Do you find that sometimes your art heads in a very tight, neat, controlled direction without you either wanting it to or even apparently being able to stop it?

I do.  And if I do, then I know I’m not the only one.

So if this is something you experience too, behold a list of things you can do to loosen up and make more expressive, energetic, dynamic art. These are things I either do myself or am going to try out; some are practical, some more conceptual. I can only imagine what kind of wild and free painting would happen if someone used them all!

What’s more, I’ve created a lovely free printable for you so you can stick it up in your creative space or slip it into your sketchbook for easy reference.

 

begin with an intention

From something as simple as announcing ‘today I am painting loosely’ to a written statement you put up near where you’re working, consider ‘starting as you mean to go on’. You could even paint it onto your canvas as a starting point!

 

set the scene for freedom – loose clothing, drop cloths

Painting free and loose can be messy, so prepare the area! Wear loose clothing to permit you to move more freely; restriction is unlikely to encourage wild abandon.

get everything ready before you start

That way you won’t have to stop mid flow because you forgot to get a jar of water for your brushes, or hunt down a certain colour.

choose energetic music

A great way to bring the kind of energy you’re after into the room and your body.

switch off the technology

Request no disturbance for however long you’re planning to paint, turn off the phone, ignore the doorbell {or pick a specific time when you’re unlikely to be interrupted}. Give yourself the best opportunity to get into the flow.

stay conscious

One of the main reasons I end up getting tighter and tighter in my work is when I ‘fall asleep’ and default to easy old habits, forgetting that I can make conscious choices in each moment. Restating your intention from time to time can help you refocus.

paint big

A great way to let loose and keep your marks varied and bold. Connie Hozvicka of Dirty Footprints Studio offers a course in this very thing. That said, many of these ideas can be applied to smaller work or sketchbooks too if you don’t have heaps of space.

put brushes on sticks

Taping brushes to lengths of dowel or bamboo forces you to give up full control of them, leading to unexpected and looser marks.

paint at arm’s length

Pushes you even further from your canvas, whether on an easel or table, and also encourages quick, loose movements of the brush.

use lots of water

Thick paint is not so conducive to painting freely. Even with fluid acrylics water can be added to encourage drips and splatters.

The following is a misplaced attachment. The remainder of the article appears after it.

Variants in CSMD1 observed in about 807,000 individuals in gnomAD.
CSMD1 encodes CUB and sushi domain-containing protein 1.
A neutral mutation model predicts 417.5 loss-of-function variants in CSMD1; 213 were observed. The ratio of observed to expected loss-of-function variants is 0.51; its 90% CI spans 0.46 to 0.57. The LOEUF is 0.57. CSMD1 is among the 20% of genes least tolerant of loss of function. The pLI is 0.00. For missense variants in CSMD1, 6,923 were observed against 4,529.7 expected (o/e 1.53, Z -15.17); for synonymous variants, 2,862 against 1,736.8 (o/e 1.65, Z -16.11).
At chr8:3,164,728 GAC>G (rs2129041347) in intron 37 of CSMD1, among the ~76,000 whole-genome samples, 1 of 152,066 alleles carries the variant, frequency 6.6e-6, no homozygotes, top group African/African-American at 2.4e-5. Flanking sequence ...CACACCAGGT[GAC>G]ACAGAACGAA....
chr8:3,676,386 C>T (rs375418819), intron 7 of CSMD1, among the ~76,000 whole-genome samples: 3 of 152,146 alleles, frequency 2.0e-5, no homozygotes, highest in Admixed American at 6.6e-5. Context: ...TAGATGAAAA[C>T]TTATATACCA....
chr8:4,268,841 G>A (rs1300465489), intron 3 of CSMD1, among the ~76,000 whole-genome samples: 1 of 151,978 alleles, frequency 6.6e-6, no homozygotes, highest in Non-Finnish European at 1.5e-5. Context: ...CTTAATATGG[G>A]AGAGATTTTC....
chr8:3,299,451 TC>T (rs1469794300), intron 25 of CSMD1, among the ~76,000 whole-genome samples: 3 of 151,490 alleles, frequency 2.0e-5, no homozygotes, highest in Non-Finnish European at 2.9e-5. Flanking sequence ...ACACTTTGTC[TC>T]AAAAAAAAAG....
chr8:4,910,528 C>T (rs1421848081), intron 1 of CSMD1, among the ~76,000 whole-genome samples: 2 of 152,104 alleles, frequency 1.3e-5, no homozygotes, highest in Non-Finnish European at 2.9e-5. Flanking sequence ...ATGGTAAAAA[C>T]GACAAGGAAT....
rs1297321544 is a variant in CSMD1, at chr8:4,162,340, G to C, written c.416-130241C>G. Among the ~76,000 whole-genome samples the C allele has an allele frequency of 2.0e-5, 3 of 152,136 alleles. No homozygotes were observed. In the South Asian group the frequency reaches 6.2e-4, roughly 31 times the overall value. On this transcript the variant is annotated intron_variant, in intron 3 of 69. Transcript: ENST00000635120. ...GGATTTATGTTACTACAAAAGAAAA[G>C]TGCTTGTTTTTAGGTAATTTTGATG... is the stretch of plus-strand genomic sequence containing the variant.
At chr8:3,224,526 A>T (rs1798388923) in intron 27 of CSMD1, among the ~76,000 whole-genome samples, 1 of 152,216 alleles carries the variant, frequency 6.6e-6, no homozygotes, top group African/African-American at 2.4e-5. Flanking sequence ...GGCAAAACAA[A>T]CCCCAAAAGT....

work in short bursts

The longer you’re at the easel, the easier it is to head into a funnel of small details. Shorter bursts keep things fresh and loose.

do several paintings at once

Spreading your attention stops too much focusing on details, and paintings tend to inform each other so you can dance between them as you discover new marks or colour combinations.

don’t go for finished – stop early

Akin to the short bursts idea, stopping yourself before you feel finished can help prevent that funnel effect. You can return to it, but stopping before it’s finished can introduce new ideas about what finished means.

stand up

Allows for more freedom of movement, not to mention dancing to the aforementioned music. I often dance while painting, and find that standing lets me get my whole body involved, which means larger, looser brush strokes.

use your non dominant hand

Even better if you’re not ambidextrous! See how different your art looks when you are in less control of it.

blind contour drawings

One of my favourite ways to keep things loose and interesting. You could do these to warm up, or incorporate them into a painting, bringing an abstract element to recognisable subjects.

scribbling

Let rip like a three year old would! Some of the most beautiful abstract art is created from energetic scribbling. {Think Cy Twombly.}

refer to Emily’ Ball’s book

Drawing and Painting People: A Fresh Approach {aff link} by UK artist Emily Ball is packed with fantastic loosening up exercises to broaden your imagination and release your marks. Don’t feel limited by the subject – the exercises can be used beyond figurative art. This is one of very few art books I truly recommend.

work fast and loose

Speed = loose. Simple as that.

paint over

If you find yourself starting to tighten up, be bold and paint over it with loose, gestural marks. Layers make for richer paintings and letting go is an excellent practice, and not just in the studio. ;)

use larger brushes

A great way to stop yourself getting all detailed and finicky.

squint

Step back from your work and squint to see colour and tone more clearly.

try mark making conversations

A great exercise to encourage diversity of marks – using three or four colours, make brief, gestural marks on top of each other, so that each new one is different from the one before. This can introduce you to new marks and to using them in a loose and expressive way. You can see examples of this here and here.

use apps to reduce detail and enhance colour and tone

There are hundreds of apps now that allow you to edit images. Apps like Dynamic Auto Painter and PicTapGo can be great for simplifying images into larger, looser areas of colour and tone. A reference image in which detail has been reduced can be very handy for keeping you loose, as both a visual aid and a reminder of what you’re aiming for.

Here’s that printable link again.

Phew! If you don’t find something to loosen up your art in that list I’ll be most astonished. Got any further ideas to add? Please share in the comments!

Hello artist friend!

 

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